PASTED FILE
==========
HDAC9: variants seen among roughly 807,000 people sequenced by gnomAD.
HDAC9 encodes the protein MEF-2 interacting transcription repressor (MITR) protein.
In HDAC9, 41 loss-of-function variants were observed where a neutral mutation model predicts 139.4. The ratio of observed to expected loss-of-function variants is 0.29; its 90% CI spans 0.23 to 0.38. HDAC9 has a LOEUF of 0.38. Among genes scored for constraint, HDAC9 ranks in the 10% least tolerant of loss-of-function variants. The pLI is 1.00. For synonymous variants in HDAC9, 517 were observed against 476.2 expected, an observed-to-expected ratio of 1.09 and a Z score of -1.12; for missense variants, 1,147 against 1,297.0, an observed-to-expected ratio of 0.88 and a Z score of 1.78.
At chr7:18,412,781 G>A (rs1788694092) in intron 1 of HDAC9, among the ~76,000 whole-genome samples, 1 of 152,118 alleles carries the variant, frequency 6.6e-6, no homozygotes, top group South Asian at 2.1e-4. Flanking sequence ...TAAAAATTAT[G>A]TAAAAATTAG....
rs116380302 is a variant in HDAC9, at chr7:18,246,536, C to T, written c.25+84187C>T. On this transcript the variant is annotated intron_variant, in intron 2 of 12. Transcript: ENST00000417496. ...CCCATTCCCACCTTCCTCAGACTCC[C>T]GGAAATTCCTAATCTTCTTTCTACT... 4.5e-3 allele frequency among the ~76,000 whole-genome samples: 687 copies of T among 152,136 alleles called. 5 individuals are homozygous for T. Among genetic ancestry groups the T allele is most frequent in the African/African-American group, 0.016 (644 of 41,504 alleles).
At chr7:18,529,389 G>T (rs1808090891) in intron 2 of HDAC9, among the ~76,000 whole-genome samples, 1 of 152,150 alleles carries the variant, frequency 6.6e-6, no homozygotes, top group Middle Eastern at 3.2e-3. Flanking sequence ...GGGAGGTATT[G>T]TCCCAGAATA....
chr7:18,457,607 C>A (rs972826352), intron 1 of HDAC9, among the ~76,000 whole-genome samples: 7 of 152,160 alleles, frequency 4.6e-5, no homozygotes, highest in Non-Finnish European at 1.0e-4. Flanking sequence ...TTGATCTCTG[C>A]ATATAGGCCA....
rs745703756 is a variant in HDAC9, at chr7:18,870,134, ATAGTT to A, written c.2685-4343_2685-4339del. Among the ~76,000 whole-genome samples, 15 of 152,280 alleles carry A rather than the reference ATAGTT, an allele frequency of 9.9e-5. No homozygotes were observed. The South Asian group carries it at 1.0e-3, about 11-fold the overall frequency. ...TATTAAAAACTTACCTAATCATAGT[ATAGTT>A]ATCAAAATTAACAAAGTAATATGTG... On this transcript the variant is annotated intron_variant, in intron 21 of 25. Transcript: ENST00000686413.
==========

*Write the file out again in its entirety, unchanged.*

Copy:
HDAC9: variants seen among roughly 807,000 people sequenced by gnomAD.
HDAC9 encodes the protein MEF-2 interacting transcription repressor (MITR) protein.
In HDAC9, 41 loss-of-function variants were observed where a neutral mutation model predicts 139.4. The ratio of observed to expected loss-of-function variants is 0.29; its 90% CI spans 0.23 to 0.38. HDAC9 has a LOEUF of 0.38. Among genes scored for constraint, HDAC9 ranks in the 10% least tolerant of loss-of-function variants. The pLI is 1.00. For synonymous variants in HDAC9, 517 were observed against 476.2 expected, an observed-to-expected ratio of 1.09 and a Z score of -1.12; for missense variants, 1,147 against 1,297.0, an observed-to-expected ratio of 0.88 and a Z score of 1.78.
At chr7:18,412,781 G>A (rs1788694092) in intron 1 of HDAC9, among the ~76,000 whole-genome samples, 1 of 152,118 alleles carries the variant, frequency 6.6e-6, no homozygotes, top group South Asian at 2.1e-4. Flanking sequence ...TAAAAATTAT[G>A]TAAAAATTAG....
rs116380302 is a variant in HDAC9, at chr7:18,246,536, C to T, written c.25+84187C>T. On this transcript the variant is annotated intron_variant, in intron 2 of 12. Transcript: ENST00000417496. ...CCCATTCCCACCTTCCTCAGACTCC[C>T]GGAAATTCCTAATCTTCTTTCTACT... 4.5e-3 allele frequency among the ~76,000 whole-genome samples: 687 copies of T among 152,136 alleles called. 5 individuals are homozygous for T. Among genetic ancestry groups the T allele is most frequent in the African/African-American group, 0.016 (644 of 41,504 alleles).
At chr7:18,529,389 G>T (rs1808090891) in intron 2 of HDAC9, among the ~76,000 whole-genome samples, 1 of 152,150 alleles carries the variant, frequency 6.6e-6, no homozygotes, top group Middle Eastern at 3.2e-3. Flanking sequence ...GGGAGGTATT[G>T]TCCCAGAATA....
chr7:18,457,607 C>A (rs972826352), intron 1 of HDAC9, among the ~76,000 whole-genome samples: 7 of 152,160 alleles, frequency 4.6e-5, no homozygotes, highest in Non-Finnish European at 1.0e-4. Flanking sequence ...TTGATCTCTG[C>A]ATATAGGCCA....
rs745703756 is a variant in HDAC9, at chr7:18,870,134, ATAGTT to A, written c.2685-4343_2685-4339del. Among the ~76,000 whole-genome samples, 15 of 152,280 alleles carry A rather than the reference ATAGTT, an allele frequency of 9.9e-5. No homozygotes were observed. The South Asian group carries it at 1.0e-3, about 11-fold the overall frequency. ...TATTAAAAACTTACCTAATCATAGT[ATAGTT>A]ATCAAAATTAACAAAGTAATATGTG... On this transcript the variant is annotated intron_variant, in intron 21 of 25. Transcript: ENST00000686413.